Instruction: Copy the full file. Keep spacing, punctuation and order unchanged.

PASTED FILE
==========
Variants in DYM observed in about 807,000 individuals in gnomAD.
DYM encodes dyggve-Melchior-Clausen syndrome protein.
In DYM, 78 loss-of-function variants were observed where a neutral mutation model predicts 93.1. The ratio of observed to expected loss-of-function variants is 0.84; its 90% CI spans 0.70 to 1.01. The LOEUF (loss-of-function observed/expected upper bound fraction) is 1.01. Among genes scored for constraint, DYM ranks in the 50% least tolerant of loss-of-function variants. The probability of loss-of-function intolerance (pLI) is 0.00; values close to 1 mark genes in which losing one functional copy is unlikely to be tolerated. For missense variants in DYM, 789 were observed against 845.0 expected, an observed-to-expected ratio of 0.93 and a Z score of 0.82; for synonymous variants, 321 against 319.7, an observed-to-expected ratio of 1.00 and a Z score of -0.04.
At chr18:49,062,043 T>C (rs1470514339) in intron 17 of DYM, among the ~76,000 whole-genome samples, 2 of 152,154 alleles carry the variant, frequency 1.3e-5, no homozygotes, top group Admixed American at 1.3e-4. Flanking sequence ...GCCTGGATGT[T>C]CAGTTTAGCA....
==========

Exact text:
Variants in DYM observed in about 807,000 individuals in gnomAD.
DYM encodes dyggve-Melchior-Clausen syndrome protein.
In DYM, 78 loss-of-function variants were observed where a neutral mutation model predicts 93.1. The ratio of observed to expected loss-of-function variants is 0.84; its 90% CI spans 0.70 to 1.01. The LOEUF (loss-of-function observed/expected upper bound fraction) is 1.01. Among genes scored for constraint, DYM ranks in the 50% least tolerant of loss-of-function variants. The probability of loss-of-function intolerance (pLI) is 0.00; values close to 1 mark genes in which losing one functional copy is unlikely to be tolerated. For missense variants in DYM, 789 were observed against 845.0 expected, an observed-to-expected ratio of 0.93 and a Z score of 0.82; for synonymous variants, 321 against 319.7, an observed-to-expected ratio of 1.00 and a Z score of -0.04.
At chr18:49,062,043 T>C (rs1470514339) in intron 17 of DYM, among the ~76,000 whole-genome samples, 2 of 152,154 alleles carry the variant, frequency 1.3e-5, no homozygotes, top group Admixed American at 1.3e-4. Flanking sequence ...GCCTGGATGT[T>C]CAGTTTAGCA....